This is my review of the Nikon 70-200mm f/2.8G ED VR II AF-S Nikkor Zoom Lens. While my reviews aren’t super technical, I do try to give a good idea on the optics of lenses but you won’t see sample brick wall pictures in this review.
The Nikon 70 200mm VR II is a pro-grade telephoto zoom lens that produces beautiful images for select types of photography.
It makes up the telephoto end part of the Nikon “holy trinity” of lenses, three zoom lenses that cover a range from wide angle to telephoto.
It’s a nice upgrade in terms of image quality and features over the previous version of this lens, which was called the 70-200mm f/2.8G ED-IF. The Nikon 70 200mm VR II is a serious financial investment but is absolutely worth it for serious enthusiasts and professional photographers.
So if you’re interested in buying this lens, hopefully, this review will give you some insight as to whether it would be a good option for you.
Build Quality/Ergonomics of the Nikon 70 200mm VR II
The 70-200 f2.8 Nikon, like the other two zooms that make up the Nikon ‘holy trinity’, is built like a tank and in the hand feels like it could take a serious beating.
That’s because of its all-metal barrel construction. This thing really feels like it was built to be a serious photographic tool.
Not only does the Nikon 70-200 f2.8 feel like it could withstand a lifetime of standard photographic abuse, but it’s also weather-sealed, so you can worry less about it when taking it out in the rain and snow.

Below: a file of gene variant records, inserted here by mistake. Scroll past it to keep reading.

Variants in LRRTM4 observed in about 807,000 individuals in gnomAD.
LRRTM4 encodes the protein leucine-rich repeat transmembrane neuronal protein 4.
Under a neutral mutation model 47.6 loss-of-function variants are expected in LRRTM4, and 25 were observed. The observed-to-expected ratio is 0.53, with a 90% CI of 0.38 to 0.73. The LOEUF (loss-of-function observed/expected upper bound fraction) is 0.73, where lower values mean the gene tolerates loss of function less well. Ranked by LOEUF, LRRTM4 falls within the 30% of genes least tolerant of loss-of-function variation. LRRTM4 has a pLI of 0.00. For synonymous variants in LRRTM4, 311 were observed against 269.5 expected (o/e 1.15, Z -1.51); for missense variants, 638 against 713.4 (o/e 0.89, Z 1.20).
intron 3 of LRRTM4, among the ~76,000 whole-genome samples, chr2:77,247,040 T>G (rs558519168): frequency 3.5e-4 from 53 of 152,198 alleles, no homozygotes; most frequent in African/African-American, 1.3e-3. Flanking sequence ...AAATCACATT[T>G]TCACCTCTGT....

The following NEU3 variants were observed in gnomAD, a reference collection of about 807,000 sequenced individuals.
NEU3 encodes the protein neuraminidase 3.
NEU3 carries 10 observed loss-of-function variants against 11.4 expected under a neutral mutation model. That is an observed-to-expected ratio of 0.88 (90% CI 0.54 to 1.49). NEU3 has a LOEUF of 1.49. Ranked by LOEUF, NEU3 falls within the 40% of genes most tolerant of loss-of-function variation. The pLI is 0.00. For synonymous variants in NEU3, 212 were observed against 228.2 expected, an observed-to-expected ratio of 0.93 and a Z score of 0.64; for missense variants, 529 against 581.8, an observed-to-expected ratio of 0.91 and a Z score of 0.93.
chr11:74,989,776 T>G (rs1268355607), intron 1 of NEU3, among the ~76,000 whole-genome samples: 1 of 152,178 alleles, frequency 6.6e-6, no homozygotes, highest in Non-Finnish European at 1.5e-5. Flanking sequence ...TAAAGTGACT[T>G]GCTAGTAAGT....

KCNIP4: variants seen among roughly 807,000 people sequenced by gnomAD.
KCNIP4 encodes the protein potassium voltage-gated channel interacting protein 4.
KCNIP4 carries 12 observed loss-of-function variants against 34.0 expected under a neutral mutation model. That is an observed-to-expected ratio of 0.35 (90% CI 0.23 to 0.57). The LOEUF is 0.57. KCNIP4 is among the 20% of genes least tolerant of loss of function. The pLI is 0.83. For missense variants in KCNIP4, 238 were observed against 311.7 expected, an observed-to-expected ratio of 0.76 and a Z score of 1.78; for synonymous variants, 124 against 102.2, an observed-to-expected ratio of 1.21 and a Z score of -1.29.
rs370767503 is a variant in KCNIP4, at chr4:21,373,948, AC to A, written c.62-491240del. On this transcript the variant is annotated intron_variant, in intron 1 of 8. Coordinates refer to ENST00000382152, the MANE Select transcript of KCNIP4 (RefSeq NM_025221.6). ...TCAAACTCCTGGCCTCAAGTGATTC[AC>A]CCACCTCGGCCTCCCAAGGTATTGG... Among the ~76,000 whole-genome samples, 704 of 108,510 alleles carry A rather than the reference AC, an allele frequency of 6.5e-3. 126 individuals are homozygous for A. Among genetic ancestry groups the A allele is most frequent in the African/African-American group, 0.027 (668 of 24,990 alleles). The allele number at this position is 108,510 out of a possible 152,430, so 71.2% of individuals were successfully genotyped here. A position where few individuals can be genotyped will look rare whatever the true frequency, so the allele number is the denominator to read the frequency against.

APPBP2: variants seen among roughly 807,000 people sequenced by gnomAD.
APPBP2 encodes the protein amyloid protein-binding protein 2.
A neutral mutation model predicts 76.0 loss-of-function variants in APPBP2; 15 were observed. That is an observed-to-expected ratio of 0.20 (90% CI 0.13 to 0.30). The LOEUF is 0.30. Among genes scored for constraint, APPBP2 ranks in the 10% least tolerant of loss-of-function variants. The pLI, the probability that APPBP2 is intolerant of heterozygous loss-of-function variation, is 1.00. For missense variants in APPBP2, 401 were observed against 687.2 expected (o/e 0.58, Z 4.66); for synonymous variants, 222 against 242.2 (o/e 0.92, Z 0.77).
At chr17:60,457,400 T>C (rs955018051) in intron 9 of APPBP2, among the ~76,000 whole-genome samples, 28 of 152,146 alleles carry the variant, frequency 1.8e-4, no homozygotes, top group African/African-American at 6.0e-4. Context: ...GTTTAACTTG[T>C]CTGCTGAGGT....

Hot weather, cold weather, snow or rain, Nikon’s weather sealing is effective in keeping the Nikon 70-200 safe from the elements. That doesn’t mean you can go and use this lens underwater but it’s nice not having to worry about your equipment when a downpour starts.
The Nikon 70-200 VR II’s focus rings feel well-made and durable. They have a strong resistance, which I think is a good thing so that things aren’t getting bumped around and moved.
I have heard from some photographers that the resistance of the focus and zoom rings starts to loosen up a bit over time but that’s to be expected I guess.
The same goes for the four switches on the barrel of the Nikkor 70-200 – they feel like they’re well-constructed and stay solidly in place. They take a bit of force to switch back and forth. Same thing goes for the tripod collar once you’ve tightened it into place.
Size/Weight Considerations of the Nikon 70 200mm VR II
The Nikon 70 200mm VR II is 3.43 x 3.43 x 8.23 inches and even bigger with the included lens hood attached – which is a good idea to protect the front element of the lens. I personally think the size of this lens is obnoxious but if looking like you’re carrying around a bazooka is your thing, then there won’t be any issues.
If there’s one benefit of having such a large lens, it at least makes you look like you’re doing some serious photography business. I don’t think anyone is gonna question your credibility as a photographer with this thing.
The crazy size of the Nikon 70 200mm VR II is matched by its crazy weight. In my review of Nikon’s 24-70 I griped about the heavy weight of that beast of a lens but this one outweighs that one by a landslide.
The weight of the 24-70 is two pounds, or 900 grams. The weight of the Nikon 70 200mm VR II is a beefy 3.4 pounds, or a little over 1500 grams. So this thing is quite hefty to say the least.
The upside is that you’re gonna get some big beautiful biceps lugging this bad boy around.